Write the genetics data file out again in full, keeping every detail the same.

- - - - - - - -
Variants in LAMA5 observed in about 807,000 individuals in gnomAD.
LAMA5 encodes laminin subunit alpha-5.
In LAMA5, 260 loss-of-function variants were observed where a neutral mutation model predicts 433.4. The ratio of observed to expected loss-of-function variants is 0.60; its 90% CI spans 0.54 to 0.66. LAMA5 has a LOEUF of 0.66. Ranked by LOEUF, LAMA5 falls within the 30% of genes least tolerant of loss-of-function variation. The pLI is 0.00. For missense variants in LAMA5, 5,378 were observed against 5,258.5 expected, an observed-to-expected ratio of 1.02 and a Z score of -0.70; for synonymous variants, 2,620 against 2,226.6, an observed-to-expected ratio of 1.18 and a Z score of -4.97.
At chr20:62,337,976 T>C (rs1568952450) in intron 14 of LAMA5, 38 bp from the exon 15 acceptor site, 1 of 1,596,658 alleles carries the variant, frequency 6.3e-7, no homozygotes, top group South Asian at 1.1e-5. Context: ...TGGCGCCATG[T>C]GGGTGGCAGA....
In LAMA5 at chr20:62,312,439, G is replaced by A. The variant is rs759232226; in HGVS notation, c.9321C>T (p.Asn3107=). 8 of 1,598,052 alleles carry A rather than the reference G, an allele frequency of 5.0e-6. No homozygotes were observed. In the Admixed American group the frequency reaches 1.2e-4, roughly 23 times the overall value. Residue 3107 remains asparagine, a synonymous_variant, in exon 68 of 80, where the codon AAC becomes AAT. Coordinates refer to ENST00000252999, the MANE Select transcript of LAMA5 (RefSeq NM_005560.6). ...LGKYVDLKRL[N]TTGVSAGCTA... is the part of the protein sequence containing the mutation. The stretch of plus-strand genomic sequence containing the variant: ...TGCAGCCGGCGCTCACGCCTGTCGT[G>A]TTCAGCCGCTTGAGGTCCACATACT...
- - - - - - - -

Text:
Variants in LAMA5 observed in about 807,000 individuals in gnomAD.
LAMA5 encodes laminin subunit alpha-5.
In LAMA5, 260 loss-of-function variants were observed where a neutral mutation model predicts 433.4. The ratio of observed to expected loss-of-function variants is 0.60; its 90% CI spans 0.54 to 0.66. LAMA5 has a LOEUF of 0.66. Ranked by LOEUF, LAMA5 falls within the 30% of genes least tolerant of loss-of-function variation. The pLI is 0.00. For missense variants in LAMA5, 5,378 were observed against 5,258.5 expected, an observed-to-expected ratio of 1.02 and a Z score of -0.70; for synonymous variants, 2,620 against 2,226.6, an observed-to-expected ratio of 1.18 and a Z score of -4.97.
At chr20:62,337,976 T>C (rs1568952450) in intron 14 of LAMA5, 38 bp from the exon 15 acceptor site, 1 of 1,596,658 alleles carries the variant, frequency 6.3e-7, no homozygotes, top group South Asian at 1.1e-5. Context: ...TGGCGCCATG[T>C]GGGTGGCAGA....
In LAMA5 at chr20:62,312,439, G is replaced by A. The variant is rs759232226; in HGVS notation, c.9321C>T (p.Asn3107=). 8 of 1,598,052 alleles carry A rather than the reference G, an allele frequency of 5.0e-6. No homozygotes were observed. In the Admixed American group the frequency reaches 1.2e-4, roughly 23 times the overall value. Residue 3107 remains asparagine, a synonymous_variant, in exon 68 of 80, where the codon AAC becomes AAT. Coordinates refer to ENST00000252999, the MANE Select transcript of LAMA5 (RefSeq NM_005560.6). ...LGKYVDLKRL[N]TTGVSAGCTA... is the part of the protein sequence containing the mutation. The stretch of plus-strand genomic sequence containing the variant: ...TGCAGCCGGCGCTCACGCCTGTCGT[G>A]TTCAGCCGCTTGAGGTCCACATACT...